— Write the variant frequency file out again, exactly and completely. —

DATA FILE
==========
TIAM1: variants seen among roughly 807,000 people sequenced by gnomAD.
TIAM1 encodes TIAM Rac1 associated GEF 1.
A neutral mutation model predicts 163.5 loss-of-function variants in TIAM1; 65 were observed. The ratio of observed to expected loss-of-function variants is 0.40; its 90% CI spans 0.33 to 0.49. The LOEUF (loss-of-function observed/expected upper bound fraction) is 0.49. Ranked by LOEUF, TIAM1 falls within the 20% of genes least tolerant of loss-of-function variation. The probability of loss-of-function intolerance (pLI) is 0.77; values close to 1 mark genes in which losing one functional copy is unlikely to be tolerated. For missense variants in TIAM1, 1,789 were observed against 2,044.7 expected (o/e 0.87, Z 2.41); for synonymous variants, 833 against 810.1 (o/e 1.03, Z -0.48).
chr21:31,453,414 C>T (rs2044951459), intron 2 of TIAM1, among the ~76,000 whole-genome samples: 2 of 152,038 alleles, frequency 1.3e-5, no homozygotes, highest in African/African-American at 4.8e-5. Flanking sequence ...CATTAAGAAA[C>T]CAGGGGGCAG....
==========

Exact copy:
TIAM1: variants seen among roughly 807,000 people sequenced by gnomAD.
TIAM1 encodes TIAM Rac1 associated GEF 1.
A neutral mutation model predicts 163.5 loss-of-function variants in TIAM1; 65 were observed. The ratio of observed to expected loss-of-function variants is 0.40; its 90% CI spans 0.33 to 0.49. The LOEUF (loss-of-function observed/expected upper bound fraction) is 0.49. Ranked by LOEUF, TIAM1 falls within the 20% of genes least tolerant of loss-of-function variation. The probability of loss-of-function intolerance (pLI) is 0.77; values close to 1 mark genes in which losing one functional copy is unlikely to be tolerated. For missense variants in TIAM1, 1,789 were observed against 2,044.7 expected (o/e 0.87, Z 2.41); for synonymous variants, 833 against 810.1 (o/e 1.03, Z -0.48).
chr21:31,453,414 C>T (rs2044951459), intron 2 of TIAM1, among the ~76,000 whole-genome samples: 2 of 152,038 alleles, frequency 1.3e-5, no homozygotes, highest in African/African-American at 4.8e-5. Flanking sequence ...CATTAAGAAA[C>T]CAGGGGGCAG....